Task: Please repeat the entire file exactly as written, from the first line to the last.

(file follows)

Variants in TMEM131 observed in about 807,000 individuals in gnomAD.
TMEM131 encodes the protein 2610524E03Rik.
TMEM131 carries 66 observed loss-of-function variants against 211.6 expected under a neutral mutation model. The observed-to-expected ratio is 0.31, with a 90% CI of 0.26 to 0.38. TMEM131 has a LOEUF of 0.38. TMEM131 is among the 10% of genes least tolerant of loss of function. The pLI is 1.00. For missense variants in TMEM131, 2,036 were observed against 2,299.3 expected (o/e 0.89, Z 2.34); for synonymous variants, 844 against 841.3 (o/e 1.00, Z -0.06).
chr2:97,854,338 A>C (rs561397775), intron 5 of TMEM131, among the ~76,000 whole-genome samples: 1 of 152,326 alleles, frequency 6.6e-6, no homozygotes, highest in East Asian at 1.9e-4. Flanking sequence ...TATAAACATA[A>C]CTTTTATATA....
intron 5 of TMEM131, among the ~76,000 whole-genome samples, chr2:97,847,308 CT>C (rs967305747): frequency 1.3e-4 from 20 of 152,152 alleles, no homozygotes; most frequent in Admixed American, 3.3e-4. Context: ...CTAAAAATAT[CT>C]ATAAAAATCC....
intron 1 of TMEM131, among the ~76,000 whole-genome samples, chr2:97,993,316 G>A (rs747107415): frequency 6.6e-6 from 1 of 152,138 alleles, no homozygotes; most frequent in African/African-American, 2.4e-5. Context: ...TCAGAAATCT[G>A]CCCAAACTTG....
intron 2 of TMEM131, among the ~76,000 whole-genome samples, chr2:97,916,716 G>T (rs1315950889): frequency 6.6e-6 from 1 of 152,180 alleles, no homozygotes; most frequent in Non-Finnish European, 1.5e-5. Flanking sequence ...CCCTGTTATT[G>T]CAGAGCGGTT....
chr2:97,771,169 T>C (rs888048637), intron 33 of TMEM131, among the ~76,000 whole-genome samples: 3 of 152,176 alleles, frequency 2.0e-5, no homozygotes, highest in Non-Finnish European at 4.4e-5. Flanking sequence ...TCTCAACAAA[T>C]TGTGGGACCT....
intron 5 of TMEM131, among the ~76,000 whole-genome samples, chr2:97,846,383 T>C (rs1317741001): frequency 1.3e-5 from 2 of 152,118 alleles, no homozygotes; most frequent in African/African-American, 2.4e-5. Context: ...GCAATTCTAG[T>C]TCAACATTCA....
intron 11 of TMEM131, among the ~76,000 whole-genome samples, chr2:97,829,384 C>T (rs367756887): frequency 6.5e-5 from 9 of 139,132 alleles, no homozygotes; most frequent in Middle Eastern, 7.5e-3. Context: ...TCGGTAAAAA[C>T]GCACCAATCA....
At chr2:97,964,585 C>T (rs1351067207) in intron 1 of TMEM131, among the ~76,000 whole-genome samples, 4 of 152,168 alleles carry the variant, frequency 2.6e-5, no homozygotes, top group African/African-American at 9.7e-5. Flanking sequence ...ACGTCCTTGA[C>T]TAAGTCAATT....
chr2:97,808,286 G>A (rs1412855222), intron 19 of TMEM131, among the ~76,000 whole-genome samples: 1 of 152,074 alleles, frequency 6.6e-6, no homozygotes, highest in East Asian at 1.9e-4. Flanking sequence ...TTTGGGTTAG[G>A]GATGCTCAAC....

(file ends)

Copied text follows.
Variants in TMEM131 observed in about 807,000 individuals in gnomAD.
TMEM131 encodes the protein 2610524E03Rik.
TMEM131 carries 66 observed loss-of-function variants against 211.6 expected under a neutral mutation model. The observed-to-expected ratio is 0.31, with a 90% CI of 0.26 to 0.38. TMEM131 has a LOEUF of 0.38. TMEM131 is among the 10% of genes least tolerant of loss of function. The pLI is 1.00. For missense variants in TMEM131, 2,036 were observed against 2,299.3 expected (o/e 0.89, Z 2.34); for synonymous variants, 844 against 841.3 (o/e 1.00, Z -0.06).
chr2:97,854,338 A>C (rs561397775), intron 5 of TMEM131, among the ~76,000 whole-genome samples: 1 of 152,326 alleles, frequency 6.6e-6, no homozygotes, highest in East Asian at 1.9e-4. Flanking sequence ...TATAAACATA[A>C]CTTTTATATA....
intron 5 of TMEM131, among the ~76,000 whole-genome samples, chr2:97,847,308 CT>C (rs967305747): frequency 1.3e-4 from 20 of 152,152 alleles, no homozygotes; most frequent in Admixed American, 3.3e-4. Context: ...CTAAAAATAT[CT>C]ATAAAAATCC....
intron 1 of TMEM131, among the ~76,000 whole-genome samples, chr2:97,993,316 G>A (rs747107415): frequency 6.6e-6 from 1 of 152,138 alleles, no homozygotes; most frequent in African/African-American, 2.4e-5. Context: ...TCAGAAATCT[G>A]CCCAAACTTG....
intron 2 of TMEM131, among the ~76,000 whole-genome samples, chr2:97,916,716 G>T (rs1315950889): frequency 6.6e-6 from 1 of 152,180 alleles, no homozygotes; most frequent in Non-Finnish European, 1.5e-5. Flanking sequence ...CCCTGTTATT[G>T]CAGAGCGGTT....
chr2:97,771,169 T>C (rs888048637), intron 33 of TMEM131, among the ~76,000 whole-genome samples: 3 of 152,176 alleles, frequency 2.0e-5, no homozygotes, highest in Non-Finnish European at 4.4e-5. Flanking sequence ...TCTCAACAAA[T>C]TGTGGGACCT....
intron 5 of TMEM131, among the ~76,000 whole-genome samples, chr2:97,846,383 T>C (rs1317741001): frequency 1.3e-5 from 2 of 152,118 alleles, no homozygotes; most frequent in African/African-American, 2.4e-5. Context: ...GCAATTCTAG[T>C]TCAACATTCA....
intron 11 of TMEM131, among the ~76,000 whole-genome samples, chr2:97,829,384 C>T (rs367756887): frequency 6.5e-5 from 9 of 139,132 alleles, no homozygotes; most frequent in Middle Eastern, 7.5e-3. Context: ...TCGGTAAAAA[C>T]GCACCAATCA....
At chr2:97,964,585 C>T (rs1351067207) in intron 1 of TMEM131, among the ~76,000 whole-genome samples, 4 of 152,168 alleles carry the variant, frequency 2.6e-5, no homozygotes, top group African/African-American at 9.7e-5. Flanking sequence ...ACGTCCTTGA[C>T]TAAGTCAATT....
chr2:97,808,286 G>A (rs1412855222), intron 19 of TMEM131, among the ~76,000 whole-genome samples: 1 of 152,074 alleles, frequency 6.6e-6, no homozygotes, highest in East Asian at 1.9e-4. Flanking sequence ...TTTGGGTTAG[G>A]GATGCTCAAC....